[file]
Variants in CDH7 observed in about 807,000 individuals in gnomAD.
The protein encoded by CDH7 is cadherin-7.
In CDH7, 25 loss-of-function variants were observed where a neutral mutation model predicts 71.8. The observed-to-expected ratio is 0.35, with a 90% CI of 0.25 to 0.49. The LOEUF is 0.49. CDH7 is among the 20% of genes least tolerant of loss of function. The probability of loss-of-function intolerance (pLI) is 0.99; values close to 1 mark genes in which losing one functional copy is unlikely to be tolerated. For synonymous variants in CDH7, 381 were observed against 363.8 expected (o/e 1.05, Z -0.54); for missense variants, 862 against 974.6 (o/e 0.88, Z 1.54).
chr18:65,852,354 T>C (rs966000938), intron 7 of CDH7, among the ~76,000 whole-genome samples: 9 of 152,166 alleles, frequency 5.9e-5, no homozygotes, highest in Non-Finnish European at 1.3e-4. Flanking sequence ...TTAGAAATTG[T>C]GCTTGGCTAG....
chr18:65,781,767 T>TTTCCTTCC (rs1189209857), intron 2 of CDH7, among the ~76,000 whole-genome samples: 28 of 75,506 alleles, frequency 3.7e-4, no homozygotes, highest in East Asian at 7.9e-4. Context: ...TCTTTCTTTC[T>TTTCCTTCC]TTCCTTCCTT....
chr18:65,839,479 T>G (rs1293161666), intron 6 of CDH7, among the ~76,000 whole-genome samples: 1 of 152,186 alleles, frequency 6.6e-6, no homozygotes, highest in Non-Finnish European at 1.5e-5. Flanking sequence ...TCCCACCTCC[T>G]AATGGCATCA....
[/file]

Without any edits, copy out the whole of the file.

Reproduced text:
Variants in CDH7 observed in about 807,000 individuals in gnomAD.
The protein encoded by CDH7 is cadherin-7.
In CDH7, 25 loss-of-function variants were observed where a neutral mutation model predicts 71.8. The observed-to-expected ratio is 0.35, with a 90% CI of 0.25 to 0.49. The LOEUF is 0.49. CDH7 is among the 20% of genes least tolerant of loss of function. The probability of loss-of-function intolerance (pLI) is 0.99; values close to 1 mark genes in which losing one functional copy is unlikely to be tolerated. For synonymous variants in CDH7, 381 were observed against 363.8 expected (o/e 1.05, Z -0.54); for missense variants, 862 against 974.6 (o/e 0.88, Z 1.54).
chr18:65,852,354 T>C (rs966000938), intron 7 of CDH7, among the ~76,000 whole-genome samples: 9 of 152,166 alleles, frequency 5.9e-5, no homozygotes, highest in Non-Finnish European at 1.3e-4. Flanking sequence ...TTAGAAATTG[T>C]GCTTGGCTAG....
chr18:65,781,767 T>TTTCCTTCC (rs1189209857), intron 2 of CDH7, among the ~76,000 whole-genome samples: 28 of 75,506 alleles, frequency 3.7e-4, no homozygotes, highest in East Asian at 7.9e-4. Context: ...TCTTTCTTTC[T>TTTCCTTCC]TTCCTTCCTT....
chr18:65,839,479 T>G (rs1293161666), intron 6 of CDH7, among the ~76,000 whole-genome samples: 1 of 152,186 alleles, frequency 6.6e-6, no homozygotes, highest in Non-Finnish European at 1.5e-5. Flanking sequence ...TCCCACCTCC[T>G]AATGGCATCA....